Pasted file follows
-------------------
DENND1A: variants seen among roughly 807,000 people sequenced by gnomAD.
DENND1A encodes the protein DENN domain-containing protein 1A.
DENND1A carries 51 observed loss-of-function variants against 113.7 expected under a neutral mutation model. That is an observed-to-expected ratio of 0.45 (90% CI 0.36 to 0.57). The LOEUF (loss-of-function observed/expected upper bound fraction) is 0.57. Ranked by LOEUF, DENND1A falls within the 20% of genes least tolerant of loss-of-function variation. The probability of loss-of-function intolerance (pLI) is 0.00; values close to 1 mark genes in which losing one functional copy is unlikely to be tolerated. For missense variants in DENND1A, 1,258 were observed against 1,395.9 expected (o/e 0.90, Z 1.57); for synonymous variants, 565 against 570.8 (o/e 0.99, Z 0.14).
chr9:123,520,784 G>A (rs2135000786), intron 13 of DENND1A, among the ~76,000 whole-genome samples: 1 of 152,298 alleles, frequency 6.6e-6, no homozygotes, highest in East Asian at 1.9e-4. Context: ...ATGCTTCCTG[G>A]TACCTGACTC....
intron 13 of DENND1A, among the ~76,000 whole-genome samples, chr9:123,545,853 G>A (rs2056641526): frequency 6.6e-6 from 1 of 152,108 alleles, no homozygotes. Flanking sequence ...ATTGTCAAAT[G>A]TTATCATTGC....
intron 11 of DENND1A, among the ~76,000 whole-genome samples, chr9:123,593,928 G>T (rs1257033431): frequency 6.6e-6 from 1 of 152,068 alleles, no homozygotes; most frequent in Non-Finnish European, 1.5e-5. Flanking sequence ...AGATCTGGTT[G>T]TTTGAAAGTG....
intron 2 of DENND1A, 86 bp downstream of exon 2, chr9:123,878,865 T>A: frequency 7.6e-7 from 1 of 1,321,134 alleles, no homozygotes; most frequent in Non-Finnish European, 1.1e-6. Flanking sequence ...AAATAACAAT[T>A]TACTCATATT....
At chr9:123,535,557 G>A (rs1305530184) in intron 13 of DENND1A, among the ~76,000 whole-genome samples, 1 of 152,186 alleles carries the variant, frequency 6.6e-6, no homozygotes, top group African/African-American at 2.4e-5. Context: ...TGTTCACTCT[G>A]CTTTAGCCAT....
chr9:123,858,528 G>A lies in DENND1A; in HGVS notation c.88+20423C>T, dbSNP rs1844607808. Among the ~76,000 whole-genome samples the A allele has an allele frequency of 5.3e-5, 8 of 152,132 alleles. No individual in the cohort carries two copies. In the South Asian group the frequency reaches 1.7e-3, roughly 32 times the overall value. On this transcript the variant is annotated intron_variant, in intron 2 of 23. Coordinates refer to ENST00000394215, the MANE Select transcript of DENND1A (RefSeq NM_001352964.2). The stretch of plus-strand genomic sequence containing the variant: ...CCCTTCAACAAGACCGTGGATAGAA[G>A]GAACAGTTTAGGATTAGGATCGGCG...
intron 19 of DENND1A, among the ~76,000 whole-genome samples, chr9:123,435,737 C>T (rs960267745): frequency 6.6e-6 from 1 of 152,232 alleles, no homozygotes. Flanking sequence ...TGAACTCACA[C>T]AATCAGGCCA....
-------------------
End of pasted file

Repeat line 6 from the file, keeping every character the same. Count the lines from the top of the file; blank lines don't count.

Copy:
intron 11 of DENND1A, among the ~76,000 whole-genome samples, chr9:123,593,928 G>T (rs1257033431): frequency 6.6e-6 from 1 of 152,068 alleles, no homozygotes; most frequent in Non-Finnish European, 1.5e-5. Flanking sequence ...AGATCTGGTT[G>T]TTTGAAAGTG....